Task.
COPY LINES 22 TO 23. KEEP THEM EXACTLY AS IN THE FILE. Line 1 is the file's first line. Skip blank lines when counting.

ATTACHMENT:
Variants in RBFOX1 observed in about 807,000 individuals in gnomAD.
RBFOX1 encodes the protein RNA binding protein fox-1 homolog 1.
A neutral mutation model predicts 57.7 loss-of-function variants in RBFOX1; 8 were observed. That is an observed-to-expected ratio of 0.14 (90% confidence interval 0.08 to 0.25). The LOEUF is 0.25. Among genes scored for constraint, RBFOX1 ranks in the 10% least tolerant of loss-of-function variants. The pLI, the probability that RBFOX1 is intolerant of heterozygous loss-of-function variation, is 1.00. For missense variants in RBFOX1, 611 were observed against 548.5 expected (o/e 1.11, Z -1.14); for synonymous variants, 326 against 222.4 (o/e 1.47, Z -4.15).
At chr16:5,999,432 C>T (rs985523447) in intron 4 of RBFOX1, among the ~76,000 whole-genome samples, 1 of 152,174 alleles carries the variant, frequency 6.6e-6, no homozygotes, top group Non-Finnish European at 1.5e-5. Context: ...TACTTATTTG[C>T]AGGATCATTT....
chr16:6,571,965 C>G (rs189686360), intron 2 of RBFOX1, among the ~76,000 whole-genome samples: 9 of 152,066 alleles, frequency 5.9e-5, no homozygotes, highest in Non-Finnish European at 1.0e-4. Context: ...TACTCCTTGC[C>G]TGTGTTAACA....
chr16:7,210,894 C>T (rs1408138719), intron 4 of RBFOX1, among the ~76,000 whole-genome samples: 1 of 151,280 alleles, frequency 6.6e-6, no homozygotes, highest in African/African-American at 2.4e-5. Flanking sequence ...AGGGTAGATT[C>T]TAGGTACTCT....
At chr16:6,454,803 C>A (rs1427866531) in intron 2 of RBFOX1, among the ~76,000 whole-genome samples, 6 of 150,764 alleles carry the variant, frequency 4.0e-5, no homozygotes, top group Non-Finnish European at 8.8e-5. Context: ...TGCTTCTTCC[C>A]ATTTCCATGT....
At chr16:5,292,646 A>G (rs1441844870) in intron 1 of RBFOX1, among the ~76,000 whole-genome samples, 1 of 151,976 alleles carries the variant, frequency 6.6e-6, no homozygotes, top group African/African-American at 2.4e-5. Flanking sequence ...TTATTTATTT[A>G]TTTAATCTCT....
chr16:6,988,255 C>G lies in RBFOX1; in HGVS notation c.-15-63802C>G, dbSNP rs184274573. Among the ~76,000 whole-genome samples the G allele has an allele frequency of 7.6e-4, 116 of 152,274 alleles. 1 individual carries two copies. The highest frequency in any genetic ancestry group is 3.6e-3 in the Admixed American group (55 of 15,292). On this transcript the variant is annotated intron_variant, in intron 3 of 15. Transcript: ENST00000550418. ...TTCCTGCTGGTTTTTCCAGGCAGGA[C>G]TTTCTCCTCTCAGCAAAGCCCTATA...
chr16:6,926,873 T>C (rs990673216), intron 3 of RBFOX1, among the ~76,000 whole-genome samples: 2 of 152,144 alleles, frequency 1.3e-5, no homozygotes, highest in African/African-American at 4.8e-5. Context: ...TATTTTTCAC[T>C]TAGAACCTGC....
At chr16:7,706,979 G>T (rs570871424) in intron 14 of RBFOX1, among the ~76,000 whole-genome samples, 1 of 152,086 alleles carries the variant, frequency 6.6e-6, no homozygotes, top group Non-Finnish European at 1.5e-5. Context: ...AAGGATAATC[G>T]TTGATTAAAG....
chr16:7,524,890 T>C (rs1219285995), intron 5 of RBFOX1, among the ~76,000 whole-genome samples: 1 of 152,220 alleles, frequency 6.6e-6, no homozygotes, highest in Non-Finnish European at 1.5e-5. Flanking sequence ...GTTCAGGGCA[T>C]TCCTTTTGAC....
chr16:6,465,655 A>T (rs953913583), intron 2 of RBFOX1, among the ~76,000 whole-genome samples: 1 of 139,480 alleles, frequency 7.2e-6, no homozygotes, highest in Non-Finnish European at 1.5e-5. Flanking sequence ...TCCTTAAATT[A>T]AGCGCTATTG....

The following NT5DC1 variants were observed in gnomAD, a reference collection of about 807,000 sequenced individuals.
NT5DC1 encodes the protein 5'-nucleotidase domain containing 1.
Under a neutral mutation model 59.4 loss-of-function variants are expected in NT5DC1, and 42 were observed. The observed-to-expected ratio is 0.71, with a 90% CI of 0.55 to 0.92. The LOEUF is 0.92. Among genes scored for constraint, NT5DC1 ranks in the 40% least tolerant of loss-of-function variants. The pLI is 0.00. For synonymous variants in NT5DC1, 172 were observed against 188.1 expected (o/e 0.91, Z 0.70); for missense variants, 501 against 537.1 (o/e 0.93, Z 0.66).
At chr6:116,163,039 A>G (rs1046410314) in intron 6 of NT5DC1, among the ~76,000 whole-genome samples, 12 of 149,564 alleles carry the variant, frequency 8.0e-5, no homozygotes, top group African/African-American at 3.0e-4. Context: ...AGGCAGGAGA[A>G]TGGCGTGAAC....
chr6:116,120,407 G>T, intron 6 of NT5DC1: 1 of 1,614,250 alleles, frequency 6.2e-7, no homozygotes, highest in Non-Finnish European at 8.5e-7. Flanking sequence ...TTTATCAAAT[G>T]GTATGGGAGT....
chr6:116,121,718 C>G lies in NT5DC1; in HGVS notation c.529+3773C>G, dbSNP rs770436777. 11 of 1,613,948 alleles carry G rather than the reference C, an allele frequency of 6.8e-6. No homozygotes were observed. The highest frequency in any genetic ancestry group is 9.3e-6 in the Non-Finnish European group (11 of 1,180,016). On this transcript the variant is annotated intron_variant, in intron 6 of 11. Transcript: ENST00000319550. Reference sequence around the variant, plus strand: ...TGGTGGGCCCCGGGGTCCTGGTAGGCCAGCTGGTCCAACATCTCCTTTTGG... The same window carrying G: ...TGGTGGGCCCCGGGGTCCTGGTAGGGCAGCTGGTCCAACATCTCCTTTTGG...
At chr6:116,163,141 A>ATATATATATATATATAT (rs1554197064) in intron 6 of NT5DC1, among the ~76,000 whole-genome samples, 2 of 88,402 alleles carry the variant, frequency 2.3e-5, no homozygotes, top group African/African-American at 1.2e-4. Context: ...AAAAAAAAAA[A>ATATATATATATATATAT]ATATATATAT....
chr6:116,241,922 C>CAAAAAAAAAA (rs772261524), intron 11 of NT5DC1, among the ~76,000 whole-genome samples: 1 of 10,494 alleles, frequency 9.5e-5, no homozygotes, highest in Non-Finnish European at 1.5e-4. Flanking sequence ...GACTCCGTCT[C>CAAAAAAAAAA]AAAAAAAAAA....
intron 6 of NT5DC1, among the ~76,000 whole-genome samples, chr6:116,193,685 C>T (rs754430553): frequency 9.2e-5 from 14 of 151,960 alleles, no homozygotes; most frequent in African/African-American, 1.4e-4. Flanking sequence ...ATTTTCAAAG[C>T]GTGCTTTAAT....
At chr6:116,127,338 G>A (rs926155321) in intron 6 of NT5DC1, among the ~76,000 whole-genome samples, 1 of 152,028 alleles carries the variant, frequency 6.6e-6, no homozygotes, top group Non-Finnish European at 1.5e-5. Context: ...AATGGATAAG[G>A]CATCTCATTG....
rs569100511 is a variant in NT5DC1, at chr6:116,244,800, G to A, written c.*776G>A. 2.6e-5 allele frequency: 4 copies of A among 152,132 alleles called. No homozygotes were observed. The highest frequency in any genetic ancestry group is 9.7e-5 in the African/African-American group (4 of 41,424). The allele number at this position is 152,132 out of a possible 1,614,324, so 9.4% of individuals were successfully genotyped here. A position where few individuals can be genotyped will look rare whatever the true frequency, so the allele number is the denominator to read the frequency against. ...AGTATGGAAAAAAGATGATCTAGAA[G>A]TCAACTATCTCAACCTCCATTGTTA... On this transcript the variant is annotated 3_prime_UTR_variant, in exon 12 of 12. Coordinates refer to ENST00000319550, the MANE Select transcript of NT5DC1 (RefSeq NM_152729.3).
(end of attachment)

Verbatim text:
intron 6 of NT5DC1, among the ~76,000 whole-genome samples, chr6:116,193,685 C>T (rs754430553): frequency 9.2e-5 from 14 of 151,960 alleles, no homozygotes; most frequent in African/African-American, 1.4e-4. Flanking sequence ...ATTTTCAAAG[C>T]GTGCTTTAAT....
At chr6:116,127,338 G>A (rs926155321) in intron 6 of NT5DC1, among the ~76,000 whole-genome samples, 1 of 152,028 alleles carries the variant, frequency 6.6e-6, no homozygotes, top group Non-Finnish European at 1.5e-5. Context: ...AATGGATAAG[G>A]CATCTCATTG....